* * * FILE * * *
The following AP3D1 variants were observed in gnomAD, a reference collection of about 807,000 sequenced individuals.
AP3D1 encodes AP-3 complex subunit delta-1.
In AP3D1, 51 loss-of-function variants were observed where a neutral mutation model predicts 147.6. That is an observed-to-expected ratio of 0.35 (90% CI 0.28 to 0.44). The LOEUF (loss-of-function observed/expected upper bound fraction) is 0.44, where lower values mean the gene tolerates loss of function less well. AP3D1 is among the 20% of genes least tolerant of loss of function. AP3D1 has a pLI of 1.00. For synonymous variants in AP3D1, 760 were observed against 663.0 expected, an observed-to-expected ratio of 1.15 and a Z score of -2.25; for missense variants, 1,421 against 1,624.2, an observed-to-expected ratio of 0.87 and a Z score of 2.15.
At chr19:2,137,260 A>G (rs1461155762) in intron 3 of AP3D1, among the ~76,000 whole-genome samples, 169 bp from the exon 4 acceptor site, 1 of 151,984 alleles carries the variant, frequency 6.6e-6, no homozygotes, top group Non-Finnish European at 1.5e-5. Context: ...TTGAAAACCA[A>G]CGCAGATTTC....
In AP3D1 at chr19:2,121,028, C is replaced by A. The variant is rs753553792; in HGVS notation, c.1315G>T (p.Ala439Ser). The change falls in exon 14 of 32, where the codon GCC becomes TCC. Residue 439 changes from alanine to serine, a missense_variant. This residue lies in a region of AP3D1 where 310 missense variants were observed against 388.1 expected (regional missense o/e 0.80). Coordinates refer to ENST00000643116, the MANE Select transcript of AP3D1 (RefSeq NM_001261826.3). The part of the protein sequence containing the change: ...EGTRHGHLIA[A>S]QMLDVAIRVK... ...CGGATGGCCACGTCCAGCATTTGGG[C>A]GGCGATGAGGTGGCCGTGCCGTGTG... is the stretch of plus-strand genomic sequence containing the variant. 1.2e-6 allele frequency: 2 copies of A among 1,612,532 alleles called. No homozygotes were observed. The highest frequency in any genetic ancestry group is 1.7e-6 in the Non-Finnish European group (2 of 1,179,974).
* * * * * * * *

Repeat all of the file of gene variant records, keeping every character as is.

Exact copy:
The following AP3D1 variants were observed in gnomAD, a reference collection of about 807,000 sequenced individuals.
AP3D1 encodes AP-3 complex subunit delta-1.
In AP3D1, 51 loss-of-function variants were observed where a neutral mutation model predicts 147.6. That is an observed-to-expected ratio of 0.35 (90% CI 0.28 to 0.44). The LOEUF (loss-of-function observed/expected upper bound fraction) is 0.44, where lower values mean the gene tolerates loss of function less well. AP3D1 is among the 20% of genes least tolerant of loss of function. AP3D1 has a pLI of 1.00. For synonymous variants in AP3D1, 760 were observed against 663.0 expected, an observed-to-expected ratio of 1.15 and a Z score of -2.25; for missense variants, 1,421 against 1,624.2, an observed-to-expected ratio of 0.87 and a Z score of 2.15.
At chr19:2,137,260 A>G (rs1461155762) in intron 3 of AP3D1, among the ~76,000 whole-genome samples, 169 bp from the exon 4 acceptor site, 1 of 151,984 alleles carries the variant, frequency 6.6e-6, no homozygotes, top group Non-Finnish European at 1.5e-5. Context: ...TTGAAAACCA[A>G]CGCAGATTTC....
In AP3D1 at chr19:2,121,028, C is replaced by A. The variant is rs753553792; in HGVS notation, c.1315G>T (p.Ala439Ser). The change falls in exon 14 of 32, where the codon GCC becomes TCC. Residue 439 changes from alanine to serine, a missense_variant. This residue lies in a region of AP3D1 where 310 missense variants were observed against 388.1 expected (regional missense o/e 0.80). Coordinates refer to ENST00000643116, the MANE Select transcript of AP3D1 (RefSeq NM_001261826.3). The part of the protein sequence containing the change: ...EGTRHGHLIA[A>S]QMLDVAIRVK... ...CGGATGGCCACGTCCAGCATTTGGG[C>A]GGCGATGAGGTGGCCGTGCCGTGTG... is the stretch of plus-strand genomic sequence containing the variant. 1.2e-6 allele frequency: 2 copies of A among 1,612,532 alleles called. No homozygotes were observed. The highest frequency in any genetic ancestry group is 1.7e-6 in the Non-Finnish European group (2 of 1,179,974).